If You Do It, Someone Will Judge It

It doesn’t matter what “it” is.  If it can be done, someone will judge it.

On that note, welcome to Wellness Wednesday.  Every Wednesday, I post something related to personal wellness.

Sunglass Cat- Find her on Facebook! Austin, Texas Photo credit: RJS Photography

Sunglass Cat- Find her on Facebook!
Austin, Texas
Photo credit: RJS Photography

I recently read an article about a woman who likes to read books.  She talked about being new to reading romance books, and gave some of her recommendations for books along with stating that despite the bad reputation romance books get, some of them are more well-written than others.

Then the post got weird.

She then wrote about not being afraid to tell others that you read romance novels, that some people will judge you for it, but that talking about romance novels is the only way to find other people who read them and get recommendations.

Say what?  People will judge you for reading a book?!?

Yes, dear reader.  People will judge you for what books you read.  It doesn’t matter that they haven’t read anything other than a cereal box in 10 years; others will judge what you read.  People judge Twilight and 50 Shades of Gray without having read them.  I’m not saying they’re literature; I’m just calling shenanigans on judging them based on an article someone else wrote about them.

Look, I’m a fan of doing what makes you happy.  Those people who are judging you?  They aren’t going to be around in 10 years, 10 days, and sometimes not even in 10 minutes.  They don’t pay your bills.  They haven’t lived your life.

Not caring what people think is an art form that few master, but when I see someone who obviously doesn’t care what others think, I want to applaud.  The happiest people know that flying under the radar is overrated.  I say that as long as what you do doesn’t actively harm anyone, do what you want to do.

Some people will say that you “harm” them when they really mean “offend.”  I’ve heard people say that being gay, having tattoos, wearing things with swear words, having a certain hair color is “harmful” to morality or some nonsense.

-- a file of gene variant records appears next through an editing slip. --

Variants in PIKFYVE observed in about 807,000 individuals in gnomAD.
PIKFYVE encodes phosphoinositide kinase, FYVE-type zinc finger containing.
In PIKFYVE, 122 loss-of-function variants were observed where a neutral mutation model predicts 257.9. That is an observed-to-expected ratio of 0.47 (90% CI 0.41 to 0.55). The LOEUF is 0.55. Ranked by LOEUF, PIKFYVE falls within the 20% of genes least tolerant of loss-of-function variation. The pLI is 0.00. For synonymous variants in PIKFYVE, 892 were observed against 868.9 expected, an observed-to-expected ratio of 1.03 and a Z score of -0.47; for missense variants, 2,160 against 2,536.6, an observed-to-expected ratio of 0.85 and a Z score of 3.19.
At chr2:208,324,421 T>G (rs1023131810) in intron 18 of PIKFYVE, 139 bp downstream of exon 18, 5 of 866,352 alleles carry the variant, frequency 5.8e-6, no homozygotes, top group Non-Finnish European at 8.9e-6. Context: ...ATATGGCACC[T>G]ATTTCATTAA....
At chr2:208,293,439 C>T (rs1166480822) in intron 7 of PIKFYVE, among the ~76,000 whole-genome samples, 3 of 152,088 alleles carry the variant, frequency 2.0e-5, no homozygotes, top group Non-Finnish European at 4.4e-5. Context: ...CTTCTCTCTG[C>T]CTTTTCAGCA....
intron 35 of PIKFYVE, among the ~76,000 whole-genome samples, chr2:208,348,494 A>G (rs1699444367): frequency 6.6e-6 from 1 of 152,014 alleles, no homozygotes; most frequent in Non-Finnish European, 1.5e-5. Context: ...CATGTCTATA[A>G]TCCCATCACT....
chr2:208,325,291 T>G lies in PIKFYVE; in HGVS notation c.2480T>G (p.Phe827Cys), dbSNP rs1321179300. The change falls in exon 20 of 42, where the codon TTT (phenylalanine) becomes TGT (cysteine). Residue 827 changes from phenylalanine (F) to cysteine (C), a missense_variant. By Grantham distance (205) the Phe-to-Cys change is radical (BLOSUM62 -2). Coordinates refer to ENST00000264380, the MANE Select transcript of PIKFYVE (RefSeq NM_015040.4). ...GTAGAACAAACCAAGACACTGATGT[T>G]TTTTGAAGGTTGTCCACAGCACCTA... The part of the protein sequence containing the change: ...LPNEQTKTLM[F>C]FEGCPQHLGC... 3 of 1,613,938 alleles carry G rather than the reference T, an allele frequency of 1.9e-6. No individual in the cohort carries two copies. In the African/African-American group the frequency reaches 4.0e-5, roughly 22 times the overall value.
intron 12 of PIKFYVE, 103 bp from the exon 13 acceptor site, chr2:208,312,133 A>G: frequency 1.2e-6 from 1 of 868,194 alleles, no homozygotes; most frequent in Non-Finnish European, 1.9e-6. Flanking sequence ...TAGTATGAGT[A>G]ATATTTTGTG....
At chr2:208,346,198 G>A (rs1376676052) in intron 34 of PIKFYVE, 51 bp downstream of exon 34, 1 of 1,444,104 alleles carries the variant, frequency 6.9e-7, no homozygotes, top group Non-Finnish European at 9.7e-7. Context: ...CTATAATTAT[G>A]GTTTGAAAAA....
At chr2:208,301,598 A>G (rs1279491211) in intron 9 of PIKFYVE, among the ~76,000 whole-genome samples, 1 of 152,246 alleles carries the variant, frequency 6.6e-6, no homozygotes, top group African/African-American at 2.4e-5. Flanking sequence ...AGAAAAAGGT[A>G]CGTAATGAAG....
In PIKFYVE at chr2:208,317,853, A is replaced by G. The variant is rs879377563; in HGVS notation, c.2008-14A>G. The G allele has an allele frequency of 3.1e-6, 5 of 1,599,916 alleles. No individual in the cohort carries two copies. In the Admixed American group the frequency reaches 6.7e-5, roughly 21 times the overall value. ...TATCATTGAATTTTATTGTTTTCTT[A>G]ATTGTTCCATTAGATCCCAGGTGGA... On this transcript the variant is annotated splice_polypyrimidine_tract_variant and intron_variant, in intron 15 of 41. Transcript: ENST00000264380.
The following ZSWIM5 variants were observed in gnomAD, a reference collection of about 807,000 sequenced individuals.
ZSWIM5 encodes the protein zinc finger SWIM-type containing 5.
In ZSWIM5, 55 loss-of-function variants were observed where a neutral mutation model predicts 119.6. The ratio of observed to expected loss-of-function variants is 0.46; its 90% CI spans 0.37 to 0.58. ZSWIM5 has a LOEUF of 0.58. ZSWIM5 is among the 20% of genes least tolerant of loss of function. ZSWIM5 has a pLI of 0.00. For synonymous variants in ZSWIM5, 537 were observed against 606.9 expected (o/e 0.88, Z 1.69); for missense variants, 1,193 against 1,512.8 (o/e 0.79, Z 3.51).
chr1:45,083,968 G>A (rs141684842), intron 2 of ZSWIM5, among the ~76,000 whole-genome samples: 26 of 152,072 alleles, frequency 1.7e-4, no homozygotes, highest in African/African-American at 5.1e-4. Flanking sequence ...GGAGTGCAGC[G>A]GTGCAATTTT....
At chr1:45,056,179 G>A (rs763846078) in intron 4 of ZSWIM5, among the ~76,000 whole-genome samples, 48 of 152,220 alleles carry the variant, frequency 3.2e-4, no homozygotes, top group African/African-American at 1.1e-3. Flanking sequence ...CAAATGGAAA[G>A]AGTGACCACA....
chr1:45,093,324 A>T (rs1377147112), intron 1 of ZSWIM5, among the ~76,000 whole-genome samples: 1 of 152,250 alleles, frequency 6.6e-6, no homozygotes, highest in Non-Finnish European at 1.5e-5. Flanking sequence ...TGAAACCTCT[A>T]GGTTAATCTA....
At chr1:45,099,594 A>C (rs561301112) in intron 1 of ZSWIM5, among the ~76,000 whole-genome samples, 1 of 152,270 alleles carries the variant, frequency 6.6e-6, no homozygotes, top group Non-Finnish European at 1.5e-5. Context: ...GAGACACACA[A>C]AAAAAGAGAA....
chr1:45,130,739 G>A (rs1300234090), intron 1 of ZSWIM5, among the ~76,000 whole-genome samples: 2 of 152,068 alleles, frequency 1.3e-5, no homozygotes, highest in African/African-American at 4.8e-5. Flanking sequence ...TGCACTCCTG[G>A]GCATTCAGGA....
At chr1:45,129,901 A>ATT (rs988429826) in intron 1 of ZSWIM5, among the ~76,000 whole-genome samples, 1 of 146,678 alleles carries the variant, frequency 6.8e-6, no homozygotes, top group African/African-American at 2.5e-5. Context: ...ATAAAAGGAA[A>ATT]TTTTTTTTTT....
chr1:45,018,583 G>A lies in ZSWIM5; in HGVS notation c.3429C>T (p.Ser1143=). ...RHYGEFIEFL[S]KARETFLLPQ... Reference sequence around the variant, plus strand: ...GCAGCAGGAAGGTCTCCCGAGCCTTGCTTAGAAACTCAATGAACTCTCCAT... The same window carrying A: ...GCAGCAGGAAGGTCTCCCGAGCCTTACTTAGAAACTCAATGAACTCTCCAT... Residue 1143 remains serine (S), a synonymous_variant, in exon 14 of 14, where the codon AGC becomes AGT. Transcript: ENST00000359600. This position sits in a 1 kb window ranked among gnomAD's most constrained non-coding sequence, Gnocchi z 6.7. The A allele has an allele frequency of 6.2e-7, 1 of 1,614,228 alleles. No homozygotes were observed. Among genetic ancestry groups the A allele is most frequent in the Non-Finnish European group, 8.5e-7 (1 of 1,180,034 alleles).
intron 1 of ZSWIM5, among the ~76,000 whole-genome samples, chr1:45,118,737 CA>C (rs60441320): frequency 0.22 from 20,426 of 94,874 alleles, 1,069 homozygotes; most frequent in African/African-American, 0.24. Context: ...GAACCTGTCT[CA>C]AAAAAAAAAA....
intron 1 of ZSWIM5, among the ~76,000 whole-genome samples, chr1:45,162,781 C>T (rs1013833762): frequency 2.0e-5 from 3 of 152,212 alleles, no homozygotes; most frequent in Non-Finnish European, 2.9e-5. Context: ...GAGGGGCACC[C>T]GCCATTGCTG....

I call shenanigans.

Harm is what you do to someone else, not what you do to yourself.  If you hit on someone who isn’t interested (after they’ve told you), that’s harm.  If you hold someone at gunpoint and force them to get tattoos, that’s harm.  If you swear in someone’s face, that’s harm.  If you throw hair dye on someone else, that’s harm.

Being you… not harmful.

So today, remember that all the things you like and dislike make you uniquely you.  They make you cool and interesting.  If someone else doesn’t like those things, then that’s cool.  It means that they’re different from you.  Maybe you can even learn things from one another.

Go forth and be uniquely you today, no matter what that means.  And don’t judge others for being who they are.  Embrace it.  Enjoy it.

Live it.

U is for Unusual

“That proves you are unusual,’ returned the Scarecrow; ‘and I am convinced that the only people worthy of consideration in this world are the unusual ones. For the common folks are like the leaves of a tree, and live and die unnoticed.” ― L. Frank Baum, The Land Of Oz

Photo credit: Doree Weller

Photo credit: Doree Weller

I’ve always prided myself on being a little different.  In my senior class yearbook, I was voted “most unique.”  I just never really wanted to fit in.  I never saw what all the excitement about wearing the right clothes or having the right hairstyle was all about.  I liked what I liked, and that made me somehow unusual. I tend to gravitate toward people who are different, just uniquely themselves.  After all, I figured that once I knew one of the cool kids, I kinda knew them all.  And how is that interesting? Back in high school, I deliberately tried to be weird, not necessarily for attention, but just because “unusual” was part of my identity, so I wanted to be as unusual as I could be.

I don’t do that anymore.  Most of the time, in fact, I try to tone it down just a little, mostly so I can blend in at work.  There are always a few who say interesting things, and then the real me jumps out and says the things I’d normally keep to myself.

In stories, I enjoy unusual characters with interesting traits.  In Pride and Prejudice, Elizabeth Bennett is about as unique as it gets, which is, in my opinion, why she’s such a lasting character, and why I, and others, are still reading this book 201 years later!

When Darkly Dreaming Dexter by Jeff Lindsay came out, there was no other character quite like him.  The serial killer raised by a police officer to be ethical was something that hadn’t been done in quite that way before.  Dexter was such an unusual character that TV got 8 seasons out of his escapades.

And of course, I have to mention that there’s no one else quite like Tyler Durden/ The Narrator from Fight Club, by Chuck Palahniuk.  The first time I saw the movie, I was pretty blown away, and rushed out to read the book.  I was even more blown away by the book.


From a writing standpoint, unusual and interesting characters, once developed, can take on a life of their own in plot.  The writer has to be willing to sit back and watch what’s going to happen, rather than direct it.  I’ve had that experience.  I wrote half of a novel with an unusual character, and it felt like I was fighting the plot every step of the way.  When I finally stepped back and asked the character some better questions, I realized that the story started in the wrong place, and when I went back to start over, it went much easier.  Unusual characters are fun for readers and fun for writers.

Who’s your favorite unusual character, either in books or on TV?